Delaney Hawkins shared that the board has heard similar concerns from other licensees, but that the message was clear: If you’re not wearing a mask or abiding by social distancing rules, you’re not getting in.
“We understand this is difficult, but it is on you, to a certain extent, to be able to police those lines and disperse those lines to ensure that they are adhering to all of the requirements,” she said. “We want to be as helpful as possible, but at the end of the day, it is your liquor license that’s on the line.”
Dan Manning, assistant commissioner of the city’s health division of the Inspectional Services Department, suggested that the licensees look at how coffee shops are handling lines.
“We’re not getting calls about the lines outside of Starbucks because they’ve marked out six foot separations on the sidewalk outside between patrons and are able to control the flow,” he said. “Obviously a coffee shop is a lot different than a restaurant, however it does give that image of folks giving each other six feet and wearing masks.”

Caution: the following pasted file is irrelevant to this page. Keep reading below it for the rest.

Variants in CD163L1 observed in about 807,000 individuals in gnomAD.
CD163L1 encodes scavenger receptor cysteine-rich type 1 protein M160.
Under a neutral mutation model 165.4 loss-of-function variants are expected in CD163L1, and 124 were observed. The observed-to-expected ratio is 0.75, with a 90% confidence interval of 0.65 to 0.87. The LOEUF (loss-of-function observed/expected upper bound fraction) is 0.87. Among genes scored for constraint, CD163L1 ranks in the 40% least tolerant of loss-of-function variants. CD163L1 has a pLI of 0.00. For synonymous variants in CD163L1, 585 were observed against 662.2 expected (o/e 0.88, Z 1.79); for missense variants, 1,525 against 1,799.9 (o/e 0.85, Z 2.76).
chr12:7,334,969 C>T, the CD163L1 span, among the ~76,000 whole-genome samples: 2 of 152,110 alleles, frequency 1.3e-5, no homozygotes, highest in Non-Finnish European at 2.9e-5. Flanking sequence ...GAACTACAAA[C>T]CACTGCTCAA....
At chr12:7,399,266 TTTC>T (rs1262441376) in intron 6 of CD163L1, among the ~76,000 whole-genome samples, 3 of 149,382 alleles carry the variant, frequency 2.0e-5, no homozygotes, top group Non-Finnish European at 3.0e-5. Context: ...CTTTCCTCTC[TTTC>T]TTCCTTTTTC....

2. Restaurants in Allston/Brighton need to keep an eye on the neighborhood’s student population.
Among the four meetings, the tone during the Allston/Brighton hearing was the most stern. Complaints included patrons standing around tables and at the bar, as well as restaurants allowing dancing, including adult dancers.
“Let me begin by saying I was asked by the mayor’s office to conduct this hearing with the Allston/Brighton licensees because of the number of complaints,” Joyce said. “The number of complaints from this neighborhood has been unacceptable.”
The Licensing Board also expressed the need for the licensees to lock down their safety measures before students return to the neighborhood.
“We’re trying to prevent gathering and clustering of people,” Joyce said. “Your neighborhood especially is going to be impacted by college students returning. You have to keep that in mind. … There’s no clubs, no shows, no dancing.”